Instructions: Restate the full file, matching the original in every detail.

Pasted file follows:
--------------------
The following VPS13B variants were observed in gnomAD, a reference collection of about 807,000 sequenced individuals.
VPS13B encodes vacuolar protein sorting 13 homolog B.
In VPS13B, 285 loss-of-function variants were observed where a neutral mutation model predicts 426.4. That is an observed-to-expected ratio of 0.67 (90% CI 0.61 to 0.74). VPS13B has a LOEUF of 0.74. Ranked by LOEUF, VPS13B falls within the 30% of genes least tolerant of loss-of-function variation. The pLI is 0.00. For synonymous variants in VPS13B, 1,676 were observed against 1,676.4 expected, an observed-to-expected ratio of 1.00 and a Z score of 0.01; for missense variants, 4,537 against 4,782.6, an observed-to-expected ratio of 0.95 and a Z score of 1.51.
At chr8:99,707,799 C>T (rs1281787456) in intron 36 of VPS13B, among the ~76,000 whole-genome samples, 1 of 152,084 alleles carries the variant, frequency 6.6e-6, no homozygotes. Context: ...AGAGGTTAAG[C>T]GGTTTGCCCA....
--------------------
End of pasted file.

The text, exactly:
The following VPS13B variants were observed in gnomAD, a reference collection of about 807,000 sequenced individuals.
VPS13B encodes vacuolar protein sorting 13 homolog B.
In VPS13B, 285 loss-of-function variants were observed where a neutral mutation model predicts 426.4. That is an observed-to-expected ratio of 0.67 (90% CI 0.61 to 0.74). VPS13B has a LOEUF of 0.74. Ranked by LOEUF, VPS13B falls within the 30% of genes least tolerant of loss-of-function variation. The pLI is 0.00. For synonymous variants in VPS13B, 1,676 were observed against 1,676.4 expected, an observed-to-expected ratio of 1.00 and a Z score of 0.01; for missense variants, 4,537 against 4,782.6, an observed-to-expected ratio of 0.95 and a Z score of 1.51.
At chr8:99,707,799 C>T (rs1281787456) in intron 36 of VPS13B, among the ~76,000 whole-genome samples, 1 of 152,084 alleles carries the variant, frequency 6.6e-6, no homozygotes. Context: ...AGAGGTTAAG[C>T]GGTTTGCCCA....